Vincenzo Aragozzini (1891-1974) was very active as a photographer in Milan from the 1910s to the 1960s. He was the photographer for the Touring Cub Italiano, the official photographer of the Royal Family and one of the most highly acclaimed industrial photographers, sought after by many companies, including Pirelli, Fiera di Milano, Montecatini, Edison, AEM, SNIA Viscosa, and Dalmine. From a modest family, Vincenzo Aragozzini started work at the age of 13 and, after a brief experience in a Milanese bookbinding company, in 1905 he entered Luca Comerio’s studio as an apprentice. That was the year when Comerio took his famous group photograph for Pirelli of workers leaving the factory in Via Ponte Seveso, of which the enlargement, which was made for the 1906 Milan International exhibition, is now in our Foundation. Aragozzini he learnt photographic techniques from Luca Comerio and in 1913, at the age of 22, he opened a studio of his own in the Galleria De Cristoforis and started working with the Touring Club Italiano.
It was presumably through Comerio or the Touring Club, of which Giovan Battista Pirelli had been a partner ever since its foundation, that in the 1920s Aragozzini started his partnership with Pirelli, which lasted until the 1950s. Aragozzini mainly took architectural photographs for the company, depicting work in the factory with shoots of the interiors and exteriors of the production plants. His first documented work for Pirelli came in 1922, when he took a series of photos in the cable-production rooms at the Milano-Bicocca plant, and his works were then included in an album entitled “The factories of the Pirelli company in 1922” to celebrate the company’s fiftieth anniversary. In the mid-1930s Aragozzini joined Fototecnica Crimella, the studio where he remained until 1948. Some photos of the interiors and exteriors of the Pirelli factory in Via Ponte Seveso, taken in July 1943, are indeed signed by “Aragozzini della S. A. Crimella”. The city was heavily bombed shortly after and the factory was destroyed. Photographs, again by the Crimella studio, illustrate the same places after the bombing, forming two fascinating albums that show the site before and after the air raid.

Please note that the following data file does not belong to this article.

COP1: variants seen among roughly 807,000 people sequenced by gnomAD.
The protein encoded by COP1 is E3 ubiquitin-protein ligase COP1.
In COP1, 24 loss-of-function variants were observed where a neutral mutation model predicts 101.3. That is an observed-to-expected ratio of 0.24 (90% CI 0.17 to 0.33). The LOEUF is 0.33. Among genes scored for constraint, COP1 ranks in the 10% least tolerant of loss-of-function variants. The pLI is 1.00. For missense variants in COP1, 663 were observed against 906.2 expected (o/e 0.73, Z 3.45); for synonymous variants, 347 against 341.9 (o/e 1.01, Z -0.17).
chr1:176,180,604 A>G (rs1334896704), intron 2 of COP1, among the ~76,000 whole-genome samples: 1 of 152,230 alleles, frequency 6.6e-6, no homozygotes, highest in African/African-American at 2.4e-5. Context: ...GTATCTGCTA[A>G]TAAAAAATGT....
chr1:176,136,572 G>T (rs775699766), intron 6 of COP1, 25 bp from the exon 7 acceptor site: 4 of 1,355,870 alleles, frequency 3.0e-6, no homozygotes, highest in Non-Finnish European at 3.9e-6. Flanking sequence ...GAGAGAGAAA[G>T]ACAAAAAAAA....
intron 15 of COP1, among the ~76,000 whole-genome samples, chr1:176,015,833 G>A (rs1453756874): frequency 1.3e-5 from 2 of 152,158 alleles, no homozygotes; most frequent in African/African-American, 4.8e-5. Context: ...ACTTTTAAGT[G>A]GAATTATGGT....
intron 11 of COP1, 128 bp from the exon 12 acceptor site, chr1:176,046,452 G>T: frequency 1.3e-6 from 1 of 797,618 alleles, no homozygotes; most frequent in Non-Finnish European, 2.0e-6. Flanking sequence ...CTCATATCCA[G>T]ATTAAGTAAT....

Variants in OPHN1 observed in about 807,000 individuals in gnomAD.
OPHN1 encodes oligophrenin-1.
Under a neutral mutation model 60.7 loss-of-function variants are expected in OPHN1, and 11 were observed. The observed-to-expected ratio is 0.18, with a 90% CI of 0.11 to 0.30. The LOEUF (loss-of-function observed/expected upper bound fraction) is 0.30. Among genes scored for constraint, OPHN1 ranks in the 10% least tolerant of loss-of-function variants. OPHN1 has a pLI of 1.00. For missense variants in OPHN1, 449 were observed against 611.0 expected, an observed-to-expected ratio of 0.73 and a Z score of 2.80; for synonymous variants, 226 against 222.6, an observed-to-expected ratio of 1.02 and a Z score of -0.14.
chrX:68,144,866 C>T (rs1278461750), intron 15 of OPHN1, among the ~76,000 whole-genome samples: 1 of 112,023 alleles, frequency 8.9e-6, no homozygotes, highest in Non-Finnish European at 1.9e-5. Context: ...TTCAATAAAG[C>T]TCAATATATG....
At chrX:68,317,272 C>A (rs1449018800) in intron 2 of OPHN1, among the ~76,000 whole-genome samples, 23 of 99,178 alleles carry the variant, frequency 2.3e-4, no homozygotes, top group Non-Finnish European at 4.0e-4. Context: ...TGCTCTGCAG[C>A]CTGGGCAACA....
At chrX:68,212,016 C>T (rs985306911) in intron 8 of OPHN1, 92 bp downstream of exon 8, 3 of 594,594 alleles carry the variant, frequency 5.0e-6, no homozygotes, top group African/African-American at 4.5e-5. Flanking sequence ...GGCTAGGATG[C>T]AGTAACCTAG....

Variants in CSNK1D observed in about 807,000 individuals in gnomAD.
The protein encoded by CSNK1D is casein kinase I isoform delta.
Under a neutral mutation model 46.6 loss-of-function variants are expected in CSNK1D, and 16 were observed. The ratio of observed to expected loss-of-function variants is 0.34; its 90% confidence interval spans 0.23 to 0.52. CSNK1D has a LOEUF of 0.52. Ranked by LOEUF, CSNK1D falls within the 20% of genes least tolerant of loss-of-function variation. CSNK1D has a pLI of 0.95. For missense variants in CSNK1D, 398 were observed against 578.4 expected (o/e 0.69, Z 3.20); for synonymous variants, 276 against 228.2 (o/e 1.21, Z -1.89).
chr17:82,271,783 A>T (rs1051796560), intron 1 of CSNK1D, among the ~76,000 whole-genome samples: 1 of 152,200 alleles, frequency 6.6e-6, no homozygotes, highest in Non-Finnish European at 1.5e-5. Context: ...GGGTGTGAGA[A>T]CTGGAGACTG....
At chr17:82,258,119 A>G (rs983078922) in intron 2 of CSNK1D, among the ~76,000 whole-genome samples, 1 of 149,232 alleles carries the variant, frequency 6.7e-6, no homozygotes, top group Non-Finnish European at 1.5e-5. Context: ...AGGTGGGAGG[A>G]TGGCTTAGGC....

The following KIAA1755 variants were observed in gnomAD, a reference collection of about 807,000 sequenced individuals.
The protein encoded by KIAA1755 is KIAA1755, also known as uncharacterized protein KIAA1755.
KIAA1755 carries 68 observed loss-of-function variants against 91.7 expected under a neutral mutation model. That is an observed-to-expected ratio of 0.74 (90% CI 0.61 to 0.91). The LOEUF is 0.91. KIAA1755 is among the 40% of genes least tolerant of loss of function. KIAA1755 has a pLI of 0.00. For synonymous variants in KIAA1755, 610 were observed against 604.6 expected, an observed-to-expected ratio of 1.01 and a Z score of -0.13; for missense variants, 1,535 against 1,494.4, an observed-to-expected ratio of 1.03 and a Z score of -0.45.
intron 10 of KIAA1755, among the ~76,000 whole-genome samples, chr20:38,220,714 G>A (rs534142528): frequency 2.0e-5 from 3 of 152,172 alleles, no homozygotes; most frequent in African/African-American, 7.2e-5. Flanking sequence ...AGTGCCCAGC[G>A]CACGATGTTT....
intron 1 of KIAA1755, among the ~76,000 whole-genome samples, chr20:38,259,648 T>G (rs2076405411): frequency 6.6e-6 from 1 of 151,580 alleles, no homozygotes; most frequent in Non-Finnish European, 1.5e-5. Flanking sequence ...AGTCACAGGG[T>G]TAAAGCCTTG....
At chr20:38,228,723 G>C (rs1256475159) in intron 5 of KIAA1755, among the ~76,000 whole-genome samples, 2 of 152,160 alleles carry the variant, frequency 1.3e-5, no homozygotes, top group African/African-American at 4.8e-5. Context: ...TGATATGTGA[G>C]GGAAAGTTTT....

After the war, Aragozzini was called in to document two important facilities used for the company’s welfare services: the seaside holiday camp in Pietra Ligure for employees’ children, which was opened in 1947, and the retirement home for former Pirelli workers in Induno Olona, in the province of Varese, where Aragozzini did a photo shoot between 1950 and 1951. After working with Fototecnica Crimella, in 1950 Aragozzini opened his second studio in Milan, in Via Borsieri 29, and in the 1950s he was one of the photographers called in to illustrate the articles published in Pirelli magazine. Some of his photos were used for an article by Carlo Vigoni entitled “Converting to Foam Rubber” Convertirsi alla gommapiuma, published in issue number 2 of 1952, as was his reportage on the travelling Man and the Atom exhibition organised by the United States Information Service (USIS), mentioned in the “Il mondo nuovo“ column in issue 4 of 1954.
Aragozzini’s partnership with Pirelli thus dated back a long way, and it helped illustrate the company’s many activities: from production in the factories to welfare programmes, through to the innovations of a world that, at the dawn of the post-war economic boom, was entering the modern age.